Sec­ond Holo­caust?

The Washington Times Daily - - World -

asym­met­ri­cal re­tal­ia­tory ca­pa­bil­i­ties that range from sow­ing hun­dreds of mines in the Strait of Hor­muz (through which passes 30 per­cent of the world’s seaborne oil) to tak­ing out oil pro­duc­tion fa­cil­i­ties in hos­tile Gulf na­tions, as well as at­tack­ing U.S. bases and fa­cil­i­ties through­out the Mid­dle East. Oil prices wouldn’t take long to triple.

Most of Mr. Bolton’s geopo­lit­i­cal back­ers were those also ar­gu­ing for the in­va­sion of Iraq, be­gin­ning a whole year be­fore it took place in 2003. Af­ter spend­ing more than $1 tril­lion in Iraq, the U.S. now has the world’s largest em­bassy in Bagh­dad — 104 acres on the banks of the Tigris River, 15,000 em­ploy­ees, in­clud­ing 2,000 diplo­mats (vs. 85 in neigh­bor­ing Turkey), at a cost of $736 mil­lion and $1 bil­lion a year to run — but it still has lost the bat­tle for in­flu­ence to Iran. At least that’s what re­cent high-level Iraqi of­fi­cials say when speak­ing pri­vately on their vis­its to Washington.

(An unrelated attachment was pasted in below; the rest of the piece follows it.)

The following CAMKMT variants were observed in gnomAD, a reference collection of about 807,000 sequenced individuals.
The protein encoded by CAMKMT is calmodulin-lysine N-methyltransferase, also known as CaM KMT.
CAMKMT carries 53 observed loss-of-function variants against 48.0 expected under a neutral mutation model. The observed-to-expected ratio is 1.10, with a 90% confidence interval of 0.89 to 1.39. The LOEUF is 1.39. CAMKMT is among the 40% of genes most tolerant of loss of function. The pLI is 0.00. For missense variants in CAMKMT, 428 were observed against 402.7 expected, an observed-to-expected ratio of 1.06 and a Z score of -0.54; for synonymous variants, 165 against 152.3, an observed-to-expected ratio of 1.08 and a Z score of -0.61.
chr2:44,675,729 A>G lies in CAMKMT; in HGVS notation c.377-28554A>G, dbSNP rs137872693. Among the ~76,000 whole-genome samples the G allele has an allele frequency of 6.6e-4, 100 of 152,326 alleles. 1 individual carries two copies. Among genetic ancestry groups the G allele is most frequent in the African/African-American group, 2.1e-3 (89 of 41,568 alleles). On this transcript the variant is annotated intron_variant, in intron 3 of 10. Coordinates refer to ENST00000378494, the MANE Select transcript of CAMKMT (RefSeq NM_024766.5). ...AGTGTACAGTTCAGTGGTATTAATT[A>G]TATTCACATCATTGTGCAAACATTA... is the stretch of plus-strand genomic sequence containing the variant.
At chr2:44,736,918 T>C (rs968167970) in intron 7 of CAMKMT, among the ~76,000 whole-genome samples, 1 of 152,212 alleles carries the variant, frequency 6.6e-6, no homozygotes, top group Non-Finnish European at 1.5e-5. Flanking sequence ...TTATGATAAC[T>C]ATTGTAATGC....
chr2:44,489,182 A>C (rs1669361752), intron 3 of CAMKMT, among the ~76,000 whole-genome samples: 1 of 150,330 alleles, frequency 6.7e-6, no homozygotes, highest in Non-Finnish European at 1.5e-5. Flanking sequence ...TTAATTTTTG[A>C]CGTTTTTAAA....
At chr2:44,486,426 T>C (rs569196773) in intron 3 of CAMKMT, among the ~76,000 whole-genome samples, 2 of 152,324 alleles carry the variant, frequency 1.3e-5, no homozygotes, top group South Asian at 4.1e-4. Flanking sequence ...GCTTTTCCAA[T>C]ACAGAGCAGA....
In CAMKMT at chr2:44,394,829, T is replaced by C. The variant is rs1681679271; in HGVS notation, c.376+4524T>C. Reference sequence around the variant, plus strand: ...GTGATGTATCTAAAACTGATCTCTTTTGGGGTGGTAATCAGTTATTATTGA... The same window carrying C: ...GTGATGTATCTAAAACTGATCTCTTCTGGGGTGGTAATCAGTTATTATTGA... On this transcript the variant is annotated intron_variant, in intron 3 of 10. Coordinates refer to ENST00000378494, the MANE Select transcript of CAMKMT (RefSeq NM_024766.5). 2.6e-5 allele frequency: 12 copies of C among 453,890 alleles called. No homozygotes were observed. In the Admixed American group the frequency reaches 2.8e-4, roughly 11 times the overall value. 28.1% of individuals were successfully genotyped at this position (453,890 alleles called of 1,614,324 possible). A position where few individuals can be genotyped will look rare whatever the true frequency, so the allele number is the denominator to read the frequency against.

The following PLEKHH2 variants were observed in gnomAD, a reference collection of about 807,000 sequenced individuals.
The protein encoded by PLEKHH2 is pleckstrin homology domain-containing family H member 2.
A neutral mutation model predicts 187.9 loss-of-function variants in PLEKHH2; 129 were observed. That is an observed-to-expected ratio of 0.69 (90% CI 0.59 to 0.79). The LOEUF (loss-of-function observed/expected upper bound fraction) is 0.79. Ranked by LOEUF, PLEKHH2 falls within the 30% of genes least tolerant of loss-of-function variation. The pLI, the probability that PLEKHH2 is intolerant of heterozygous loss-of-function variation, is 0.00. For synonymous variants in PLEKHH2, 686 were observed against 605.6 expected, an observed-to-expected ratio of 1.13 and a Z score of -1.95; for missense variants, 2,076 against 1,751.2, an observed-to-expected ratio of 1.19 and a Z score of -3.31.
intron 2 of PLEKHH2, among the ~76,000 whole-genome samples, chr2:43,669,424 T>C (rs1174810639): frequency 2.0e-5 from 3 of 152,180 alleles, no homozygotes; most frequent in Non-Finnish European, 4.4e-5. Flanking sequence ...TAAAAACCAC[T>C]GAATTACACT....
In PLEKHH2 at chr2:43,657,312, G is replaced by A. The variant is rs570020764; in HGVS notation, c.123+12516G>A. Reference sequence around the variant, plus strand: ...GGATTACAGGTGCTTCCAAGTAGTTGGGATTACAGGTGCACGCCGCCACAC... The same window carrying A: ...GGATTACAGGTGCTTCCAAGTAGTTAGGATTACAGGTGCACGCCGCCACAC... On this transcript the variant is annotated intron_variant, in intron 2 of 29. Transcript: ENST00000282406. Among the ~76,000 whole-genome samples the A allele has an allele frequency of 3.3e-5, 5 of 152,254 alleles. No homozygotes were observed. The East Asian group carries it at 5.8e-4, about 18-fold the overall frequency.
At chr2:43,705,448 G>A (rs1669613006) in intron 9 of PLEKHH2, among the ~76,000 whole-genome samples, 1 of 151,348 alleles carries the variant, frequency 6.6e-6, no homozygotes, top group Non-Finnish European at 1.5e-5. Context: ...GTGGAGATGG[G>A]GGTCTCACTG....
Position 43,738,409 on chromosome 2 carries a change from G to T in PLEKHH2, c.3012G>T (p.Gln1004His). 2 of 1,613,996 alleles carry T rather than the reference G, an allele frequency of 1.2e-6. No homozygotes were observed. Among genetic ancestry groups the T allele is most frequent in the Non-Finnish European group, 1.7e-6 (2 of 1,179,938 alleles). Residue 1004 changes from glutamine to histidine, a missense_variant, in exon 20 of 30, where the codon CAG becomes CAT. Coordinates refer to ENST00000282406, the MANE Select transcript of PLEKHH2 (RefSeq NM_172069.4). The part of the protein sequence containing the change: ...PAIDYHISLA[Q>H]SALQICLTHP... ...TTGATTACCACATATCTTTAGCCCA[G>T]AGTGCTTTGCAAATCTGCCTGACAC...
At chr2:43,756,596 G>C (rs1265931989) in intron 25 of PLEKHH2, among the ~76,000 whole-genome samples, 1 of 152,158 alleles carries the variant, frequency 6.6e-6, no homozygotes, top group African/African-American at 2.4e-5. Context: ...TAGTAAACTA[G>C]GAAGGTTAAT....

There is noth­ing new about Iran’s nu­clear am­bi­tions.

In 1968, a few months be­fore Richard M. Nixon was sworn in as pres­i­dent, Bri­tain’s Prime Min­is­ter Harold Wil­son de­cided that his coun­try would give up all of its se­cu­rity obli­ga­tions east of Suez, all the way to Sin­ga­pore. The Nixon Doc­trine then anointed Shah Mo­hammed Reza Pahlavi of Iran as the guardian of the Per­sian Gulf and its sta­tis­tics-de­fy­ing oil re­serves.

Through­out the 1970s, the shah spent tens of bil­lions on troop car­ri­ers — from nine Boe­ing 747s to huge Hov­er­craft — so he could re­act in less than a day to any coup at­tempts in the Gulf by the Soviet bloc and its friends, such as Iraq’s Sad­dam Hus­sein. Through­out the post-world War II era, Bri­tain man­aged the same se­cu­rity watch with its Tru­cial Oman Scouts units for $40 mil­lion a year.

In 1972, the shah pre­dicted to this re­porter that one day Iran would en­sure the se­cu­rity of the Per­sian Gulf by be­com­ing a nu­clear power. No sooner was the shah de­posed by the mul­lahs in 1979 than se­cret plans were laid to pur­sue the same quest.

Three decades later, they are al­most there.

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